Two students jokingly placed a store-bought pineapple on an empty table at an art exhibition this month in Scotland, and it became art.

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LONDON — How did a pineapple become a postmodern masterpiece?

The aesthetic merits of tropical fruit inadvertently entered Britain’s national cultural conversation after two students jokingly placed a store-bought pineapple on an empty table at an art exhibition this month at Robert Gordon University in Aberdeen, a port city in northeastern Scotland.

When they returned a few days later to the exhibition — part of the Look Again festival, which aims to highlight Aberdeen’s cultural heritage — they were shocked to discover their pineapple protected by a glass display case, instantly and mysteriously transformed into a work of art.

After one of the students, Lloyd Jack, 22, who studies business, put a photograph of the pineapple on Twitter, along with the words, “I made art,” the image was shared widely on social media, turning the fruit, fairly or not, into a cultural sensation.

Jack’s post received nearly 5,000 likes on Twitter. Before long, the work, which the two students titled “Pineapple,” had been deconstructed on art blogs and social media worldwide; parsed in Paris, Texas and Tokyo; and was even featured on Canadian television. Some on Twitter lauded its “genius,” while others ridiculed it as the latest example of conceptual art’s plodding banality.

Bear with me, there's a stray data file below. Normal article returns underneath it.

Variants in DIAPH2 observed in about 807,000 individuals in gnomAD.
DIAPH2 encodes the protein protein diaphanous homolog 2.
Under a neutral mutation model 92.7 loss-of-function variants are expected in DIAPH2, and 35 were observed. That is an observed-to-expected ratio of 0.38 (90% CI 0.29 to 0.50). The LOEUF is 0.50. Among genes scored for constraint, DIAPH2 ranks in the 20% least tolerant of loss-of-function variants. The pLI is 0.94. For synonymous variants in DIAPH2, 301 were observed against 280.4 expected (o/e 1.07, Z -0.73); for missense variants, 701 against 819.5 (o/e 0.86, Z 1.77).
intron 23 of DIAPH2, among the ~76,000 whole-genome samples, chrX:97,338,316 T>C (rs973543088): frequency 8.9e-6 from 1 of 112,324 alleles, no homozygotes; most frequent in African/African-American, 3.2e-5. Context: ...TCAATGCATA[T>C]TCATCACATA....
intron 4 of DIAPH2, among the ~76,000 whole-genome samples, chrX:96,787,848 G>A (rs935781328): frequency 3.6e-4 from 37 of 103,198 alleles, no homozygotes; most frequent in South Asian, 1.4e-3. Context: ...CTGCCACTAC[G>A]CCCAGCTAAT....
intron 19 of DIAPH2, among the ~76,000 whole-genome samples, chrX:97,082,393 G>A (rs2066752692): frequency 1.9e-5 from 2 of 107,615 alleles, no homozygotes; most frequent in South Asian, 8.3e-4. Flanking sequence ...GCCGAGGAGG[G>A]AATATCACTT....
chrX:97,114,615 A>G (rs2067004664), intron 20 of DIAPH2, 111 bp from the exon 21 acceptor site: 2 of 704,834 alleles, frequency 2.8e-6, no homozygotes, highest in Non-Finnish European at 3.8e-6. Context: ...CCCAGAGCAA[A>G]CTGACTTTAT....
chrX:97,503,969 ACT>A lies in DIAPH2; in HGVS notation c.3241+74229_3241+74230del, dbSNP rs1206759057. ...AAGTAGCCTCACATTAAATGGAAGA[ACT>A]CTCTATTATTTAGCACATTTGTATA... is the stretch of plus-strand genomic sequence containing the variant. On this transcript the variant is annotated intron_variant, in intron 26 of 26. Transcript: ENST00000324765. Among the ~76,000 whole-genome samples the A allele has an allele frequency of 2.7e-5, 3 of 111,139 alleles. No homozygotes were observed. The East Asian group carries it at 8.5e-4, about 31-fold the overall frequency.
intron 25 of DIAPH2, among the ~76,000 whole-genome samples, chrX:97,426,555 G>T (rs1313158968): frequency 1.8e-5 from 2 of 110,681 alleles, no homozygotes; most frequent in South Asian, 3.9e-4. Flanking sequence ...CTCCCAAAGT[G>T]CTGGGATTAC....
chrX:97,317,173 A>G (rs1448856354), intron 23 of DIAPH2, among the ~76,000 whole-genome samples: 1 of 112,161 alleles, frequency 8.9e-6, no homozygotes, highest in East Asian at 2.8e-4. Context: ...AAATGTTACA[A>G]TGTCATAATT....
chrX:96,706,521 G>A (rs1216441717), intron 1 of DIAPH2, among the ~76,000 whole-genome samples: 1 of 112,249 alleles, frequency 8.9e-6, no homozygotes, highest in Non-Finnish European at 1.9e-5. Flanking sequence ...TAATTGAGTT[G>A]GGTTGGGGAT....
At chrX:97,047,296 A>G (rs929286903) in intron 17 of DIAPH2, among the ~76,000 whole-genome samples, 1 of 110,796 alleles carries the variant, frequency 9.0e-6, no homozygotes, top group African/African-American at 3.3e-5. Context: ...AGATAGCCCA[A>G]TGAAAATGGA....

Jack said he and the other student, Ruairi Gray, also 22, had been stunned by the attention afforded the pineapple, which he said the two had put on the table in a moment of lighthearted whimsy, slanted slightly to the left to give it a bit more flair. It was displayed nearly a week before it was removed.

“We weren’t sure how the glass case got there, and initially assumed it was bungling curators,” he said. “We couldn’t believe our eyes, and didn’t expect our lowly little supermarket pineapple to become a global star.”

The fruit cost about $1.30.

Nevertheless, he said, the pineapple, alone in its display case and destined to rot, was a poignant symbol of Britain in the era of “Brexit,” the nation’s decision to leave the European Union. (Unlike England, Scotland voted overwhelmingly to remain.)

“The pineapple symbolizes the U.K. leaving the EU, standing alone, attempting to survive, cut off from the outside world,” he said.

Others were not altogether amused, including the organizers of the Look Again festival, who found their exhibition suddenly hijacked by a fruit. After investigating they discovered the glass case had been placed at the exhibition by a janitor.

Peter York, an author and cultural commentator, noted the pineapple display, consciously or not, wittily reflected French artist Marcel Duchamp’s notion that if you declare something art, it becomes art.

“I rank pineapples quite highly as they are quite decorative objects, sort of colonial superfruits, with leaves that look like green fountains at the top,” he said. “But you wouldn’t really want a pineapple exhibited in your home.”